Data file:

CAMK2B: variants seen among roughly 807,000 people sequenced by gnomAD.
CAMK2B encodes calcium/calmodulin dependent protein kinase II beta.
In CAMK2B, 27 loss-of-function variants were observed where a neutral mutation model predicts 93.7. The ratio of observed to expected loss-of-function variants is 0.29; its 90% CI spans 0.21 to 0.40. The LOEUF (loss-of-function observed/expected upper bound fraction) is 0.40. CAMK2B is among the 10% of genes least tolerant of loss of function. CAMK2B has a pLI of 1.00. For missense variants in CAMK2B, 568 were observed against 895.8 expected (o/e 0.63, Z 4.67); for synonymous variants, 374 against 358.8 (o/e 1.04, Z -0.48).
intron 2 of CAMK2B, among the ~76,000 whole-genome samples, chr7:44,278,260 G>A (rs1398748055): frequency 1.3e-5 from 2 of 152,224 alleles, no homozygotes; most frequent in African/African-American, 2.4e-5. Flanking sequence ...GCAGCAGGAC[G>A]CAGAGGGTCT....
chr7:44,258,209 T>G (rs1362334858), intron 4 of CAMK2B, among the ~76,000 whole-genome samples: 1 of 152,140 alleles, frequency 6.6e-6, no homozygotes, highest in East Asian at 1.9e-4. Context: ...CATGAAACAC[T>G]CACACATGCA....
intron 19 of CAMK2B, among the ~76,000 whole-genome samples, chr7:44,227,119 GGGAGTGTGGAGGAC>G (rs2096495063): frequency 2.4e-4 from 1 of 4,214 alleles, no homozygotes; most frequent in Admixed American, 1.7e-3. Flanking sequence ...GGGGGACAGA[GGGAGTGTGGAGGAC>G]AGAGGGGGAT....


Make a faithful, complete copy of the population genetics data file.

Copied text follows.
CAMK2B: variants seen among roughly 807,000 people sequenced by gnomAD.
CAMK2B encodes calcium/calmodulin dependent protein kinase II beta.
In CAMK2B, 27 loss-of-function variants were observed where a neutral mutation model predicts 93.7. The ratio of observed to expected loss-of-function variants is 0.29; its 90% CI spans 0.21 to 0.40. The LOEUF (loss-of-function observed/expected upper bound fraction) is 0.40. CAMK2B is among the 10% of genes least tolerant of loss of function. CAMK2B has a pLI of 1.00. For missense variants in CAMK2B, 568 were observed against 895.8 expected (o/e 0.63, Z 4.67); for synonymous variants, 374 against 358.8 (o/e 1.04, Z -0.48).
intron 2 of CAMK2B, among the ~76,000 whole-genome samples, chr7:44,278,260 G>A (rs1398748055): frequency 1.3e-5 from 2 of 152,224 alleles, no homozygotes; most frequent in African/African-American, 2.4e-5. Flanking sequence ...GCAGCAGGAC[G>A]CAGAGGGTCT....
chr7:44,258,209 T>G (rs1362334858), intron 4 of CAMK2B, among the ~76,000 whole-genome samples: 1 of 152,140 alleles, frequency 6.6e-6, no homozygotes, highest in East Asian at 1.9e-4. Context: ...CATGAAACAC[T>G]CACACATGCA....
intron 19 of CAMK2B, among the ~76,000 whole-genome samples, chr7:44,227,119 GGGAGTGTGGAGGAC>G (rs2096495063): frequency 2.4e-4 from 1 of 4,214 alleles, no homozygotes; most frequent in Admixed American, 1.7e-3. Flanking sequence ...GGGGGACAGA[GGGAGTGTGGAGGAC>G]AGAGGGGGAT....